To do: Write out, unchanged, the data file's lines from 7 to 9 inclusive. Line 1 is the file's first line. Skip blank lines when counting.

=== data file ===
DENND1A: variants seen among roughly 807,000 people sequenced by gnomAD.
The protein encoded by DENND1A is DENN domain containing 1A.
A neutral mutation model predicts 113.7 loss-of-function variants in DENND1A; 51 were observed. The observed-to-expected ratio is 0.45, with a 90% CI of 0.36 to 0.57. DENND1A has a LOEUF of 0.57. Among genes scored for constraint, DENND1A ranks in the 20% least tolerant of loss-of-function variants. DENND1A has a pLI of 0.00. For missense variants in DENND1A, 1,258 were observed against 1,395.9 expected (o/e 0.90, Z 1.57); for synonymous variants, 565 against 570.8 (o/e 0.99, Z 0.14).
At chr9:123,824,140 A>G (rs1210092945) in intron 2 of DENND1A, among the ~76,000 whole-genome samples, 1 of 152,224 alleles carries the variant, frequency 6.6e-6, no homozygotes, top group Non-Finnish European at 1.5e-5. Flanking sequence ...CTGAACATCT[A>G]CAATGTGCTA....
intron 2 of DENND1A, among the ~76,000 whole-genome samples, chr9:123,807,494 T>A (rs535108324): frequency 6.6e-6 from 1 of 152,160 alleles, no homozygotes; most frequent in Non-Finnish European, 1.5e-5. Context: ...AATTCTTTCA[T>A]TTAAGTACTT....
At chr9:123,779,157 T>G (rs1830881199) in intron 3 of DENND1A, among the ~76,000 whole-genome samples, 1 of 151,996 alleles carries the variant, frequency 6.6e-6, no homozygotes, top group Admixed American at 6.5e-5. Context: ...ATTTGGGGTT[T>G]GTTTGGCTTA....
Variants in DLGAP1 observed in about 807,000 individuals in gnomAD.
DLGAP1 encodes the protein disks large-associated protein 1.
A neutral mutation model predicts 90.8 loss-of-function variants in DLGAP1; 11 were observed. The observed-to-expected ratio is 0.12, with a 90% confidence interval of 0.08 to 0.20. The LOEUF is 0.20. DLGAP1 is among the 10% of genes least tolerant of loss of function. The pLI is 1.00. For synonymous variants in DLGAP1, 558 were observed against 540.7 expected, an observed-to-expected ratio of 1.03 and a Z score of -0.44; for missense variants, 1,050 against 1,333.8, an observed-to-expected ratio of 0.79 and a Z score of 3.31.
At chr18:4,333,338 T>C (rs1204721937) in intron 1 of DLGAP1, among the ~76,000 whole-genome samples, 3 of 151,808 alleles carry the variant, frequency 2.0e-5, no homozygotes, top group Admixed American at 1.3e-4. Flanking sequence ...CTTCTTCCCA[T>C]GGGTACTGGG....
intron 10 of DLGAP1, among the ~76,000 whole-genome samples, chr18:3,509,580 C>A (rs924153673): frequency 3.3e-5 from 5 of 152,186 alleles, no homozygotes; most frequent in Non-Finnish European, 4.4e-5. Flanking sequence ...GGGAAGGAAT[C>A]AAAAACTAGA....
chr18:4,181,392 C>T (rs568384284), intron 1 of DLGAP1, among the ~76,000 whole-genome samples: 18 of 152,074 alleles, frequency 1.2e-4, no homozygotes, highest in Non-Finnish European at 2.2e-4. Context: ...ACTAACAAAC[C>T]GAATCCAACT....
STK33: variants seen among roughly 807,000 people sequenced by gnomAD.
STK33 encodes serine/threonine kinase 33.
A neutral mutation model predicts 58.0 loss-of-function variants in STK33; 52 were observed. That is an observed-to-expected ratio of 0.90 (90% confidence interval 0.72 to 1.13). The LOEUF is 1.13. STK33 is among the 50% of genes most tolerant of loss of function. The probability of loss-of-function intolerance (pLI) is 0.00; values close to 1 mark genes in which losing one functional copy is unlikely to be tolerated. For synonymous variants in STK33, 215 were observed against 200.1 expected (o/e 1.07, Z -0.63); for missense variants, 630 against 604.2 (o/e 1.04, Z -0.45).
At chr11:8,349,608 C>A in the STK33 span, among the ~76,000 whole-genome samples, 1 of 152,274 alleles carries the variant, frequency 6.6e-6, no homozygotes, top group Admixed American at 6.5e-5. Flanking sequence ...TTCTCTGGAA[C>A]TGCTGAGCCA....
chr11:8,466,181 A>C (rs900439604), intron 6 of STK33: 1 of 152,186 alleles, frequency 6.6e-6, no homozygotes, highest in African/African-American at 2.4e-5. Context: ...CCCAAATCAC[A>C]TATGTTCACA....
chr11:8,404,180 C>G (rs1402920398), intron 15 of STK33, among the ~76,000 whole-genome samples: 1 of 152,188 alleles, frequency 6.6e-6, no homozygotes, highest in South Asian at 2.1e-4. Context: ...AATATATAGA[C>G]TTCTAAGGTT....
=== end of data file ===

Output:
Variants in DLGAP1 observed in about 807,000 individuals in gnomAD.
DLGAP1 encodes the protein disks large-associated protein 1.
A neutral mutation model predicts 90.8 loss-of-function variants in DLGAP1; 11 were observed. The observed-to-expected ratio is 0.12, with a 90% confidence interval of 0.08 to 0.20. The LOEUF is 0.20. DLGAP1 is among the 10% of genes least tolerant of loss of function. The pLI is 1.00. For synonymous variants in DLGAP1, 558 were observed against 540.7 expected, an observed-to-expected ratio of 1.03 and a Z score of -0.44; for missense variants, 1,050 against 1,333.8, an observed-to-expected ratio of 0.79 and a Z score of 3.31.